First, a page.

This wet spring has been a blessing for the parched Colorado River, but it would take 21 more like it to fully restore the watershed, an expert on the river said.
“I keep getting asked that same question — is this spring going to be enough?” Brad Udall, a senior scientist and scholar at Colorado State University, told Cowboy State Daily on Thursday.
It would take at least six more springs like this one just to get the Colorado River Basin out of a water supply vs. demand deficit, and “that’s not going to happen,” he said.
Even further outside the realm of possibility, it would take 21 more springs like this one to completely refill the basin’s entire water infrastructure, including Lake Powell and Lake Mead, he said.
Get Used To It
So, the bottom line is water deficits are the norm along the Colorado River, he said.
The river and its tributaries supply water for 40 million people, including residents in Wyoming and six other states, numerous sovereign Native American tribes and Mexico.
Udall was one of the speakers during the 43rd annual Colorado Law Conference on Natural Resources on Thursdqy. The conference convened at the University Colorado Campus in Boulder, with the theme “Crisis on the Colorado River.”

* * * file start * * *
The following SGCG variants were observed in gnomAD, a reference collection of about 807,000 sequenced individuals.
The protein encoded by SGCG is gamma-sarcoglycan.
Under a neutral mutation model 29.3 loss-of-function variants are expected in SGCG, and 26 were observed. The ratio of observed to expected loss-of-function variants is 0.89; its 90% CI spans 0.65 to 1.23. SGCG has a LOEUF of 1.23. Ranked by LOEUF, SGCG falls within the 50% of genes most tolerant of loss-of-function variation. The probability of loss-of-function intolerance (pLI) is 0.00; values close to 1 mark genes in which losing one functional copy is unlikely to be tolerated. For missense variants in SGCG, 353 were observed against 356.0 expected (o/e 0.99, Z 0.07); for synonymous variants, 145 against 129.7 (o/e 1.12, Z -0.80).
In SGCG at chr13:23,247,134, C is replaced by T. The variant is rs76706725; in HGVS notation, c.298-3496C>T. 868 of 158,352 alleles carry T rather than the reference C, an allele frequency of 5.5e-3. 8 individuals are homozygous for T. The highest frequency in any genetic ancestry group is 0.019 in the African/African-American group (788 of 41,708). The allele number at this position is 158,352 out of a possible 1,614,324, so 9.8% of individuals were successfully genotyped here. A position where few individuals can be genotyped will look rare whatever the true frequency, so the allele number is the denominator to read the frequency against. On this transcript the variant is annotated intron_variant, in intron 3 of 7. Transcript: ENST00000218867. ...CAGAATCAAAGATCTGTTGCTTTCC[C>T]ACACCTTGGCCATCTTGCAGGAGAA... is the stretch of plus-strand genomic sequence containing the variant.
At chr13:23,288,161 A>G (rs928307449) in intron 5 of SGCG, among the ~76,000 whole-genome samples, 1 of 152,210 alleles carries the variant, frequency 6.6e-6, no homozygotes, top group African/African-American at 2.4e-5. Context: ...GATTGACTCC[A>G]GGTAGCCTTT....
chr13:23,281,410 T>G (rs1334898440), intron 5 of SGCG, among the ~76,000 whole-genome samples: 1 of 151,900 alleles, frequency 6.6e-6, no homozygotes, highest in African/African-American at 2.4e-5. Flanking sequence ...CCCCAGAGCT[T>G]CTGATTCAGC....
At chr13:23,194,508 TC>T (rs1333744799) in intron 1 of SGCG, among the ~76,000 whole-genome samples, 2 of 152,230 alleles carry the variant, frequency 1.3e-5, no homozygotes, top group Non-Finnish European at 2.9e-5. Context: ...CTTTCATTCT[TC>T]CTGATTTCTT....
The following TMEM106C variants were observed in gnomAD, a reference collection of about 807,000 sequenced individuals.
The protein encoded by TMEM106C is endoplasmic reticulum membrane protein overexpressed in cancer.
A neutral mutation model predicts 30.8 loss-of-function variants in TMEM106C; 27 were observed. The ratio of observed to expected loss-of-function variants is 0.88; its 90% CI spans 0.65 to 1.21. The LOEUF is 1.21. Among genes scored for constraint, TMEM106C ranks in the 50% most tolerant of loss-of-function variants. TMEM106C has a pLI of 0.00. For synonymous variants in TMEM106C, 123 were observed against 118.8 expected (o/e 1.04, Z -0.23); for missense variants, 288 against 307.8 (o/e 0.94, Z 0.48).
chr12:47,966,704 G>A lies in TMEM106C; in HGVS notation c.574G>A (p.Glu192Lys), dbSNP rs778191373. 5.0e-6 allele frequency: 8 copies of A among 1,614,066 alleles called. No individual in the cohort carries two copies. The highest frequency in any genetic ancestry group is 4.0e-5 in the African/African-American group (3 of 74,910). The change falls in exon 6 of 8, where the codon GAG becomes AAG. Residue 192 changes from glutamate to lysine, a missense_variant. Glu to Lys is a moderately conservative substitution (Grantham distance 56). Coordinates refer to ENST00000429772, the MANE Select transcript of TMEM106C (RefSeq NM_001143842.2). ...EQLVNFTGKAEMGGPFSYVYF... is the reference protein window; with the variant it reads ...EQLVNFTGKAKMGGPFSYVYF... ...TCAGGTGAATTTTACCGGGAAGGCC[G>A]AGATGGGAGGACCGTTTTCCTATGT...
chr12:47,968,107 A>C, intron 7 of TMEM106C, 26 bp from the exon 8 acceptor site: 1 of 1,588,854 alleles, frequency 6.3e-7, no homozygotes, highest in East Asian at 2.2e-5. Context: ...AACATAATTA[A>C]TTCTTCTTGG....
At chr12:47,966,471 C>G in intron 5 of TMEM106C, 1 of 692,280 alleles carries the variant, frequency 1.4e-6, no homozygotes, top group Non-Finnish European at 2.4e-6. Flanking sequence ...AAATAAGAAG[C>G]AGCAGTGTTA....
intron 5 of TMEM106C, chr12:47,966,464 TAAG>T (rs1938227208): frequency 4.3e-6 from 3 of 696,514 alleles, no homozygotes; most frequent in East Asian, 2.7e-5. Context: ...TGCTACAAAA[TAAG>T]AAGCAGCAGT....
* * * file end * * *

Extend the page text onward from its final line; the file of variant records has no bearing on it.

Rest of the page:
Why 21 Is The Magic Number
Udall figures it would take 21 more years to completely refill the system because “the last time the system was this low, it took 21 years to refill,” he said.
He was referring to the springs between 1963 and 1983 as Lake Powell was coming online and filling up.
However, even that might not be an accurate comparison, because demand on the river has grown massively since the 1980s, and most of the years since 2000 have been dryer than the years 1963-1983, he said.
Some Good News
The huge runoff from massive snowfalls across the West has been pumping water into Lake Powell and Mead, and that’s helped in short term, Udall and other speakers said.
It’s gotten the Lower Basin States – California, Nevada and Arizona — out of the “dumpster fire” of reservoirs on the cusp of failure, said JB Hamby, a member of the Colorado River Board of California.
The Lower Basin states also recently agreed to cut back Colorado River water use by 3 million acre feet by 2026. An acre foot is enough water to cover an acre of land to the depth of a foot.
The tribes and all seven Colorado River states are preparing to negotiate the terms of an agreement to manage the water supplies beyond 2026. The states include Wyoming, Colorado, New Mexico in the Upper Basin and Arizona, Nevada and California in the Lower Basin.
Udall said one good year shouldn’t lull people into a sense of long-term security.
“One bad year, and we’re back to only 25% full” in the larger reservoirs, he said.
The numbers indicate a continuing trend of dry years, he said. That includes less precipitation feeding water into the river, and higher temperatures causing more water to evaporate before it can be used.
“We think that is being caused by humans,” he said.
Mark Heinz can be reached at email@example.com.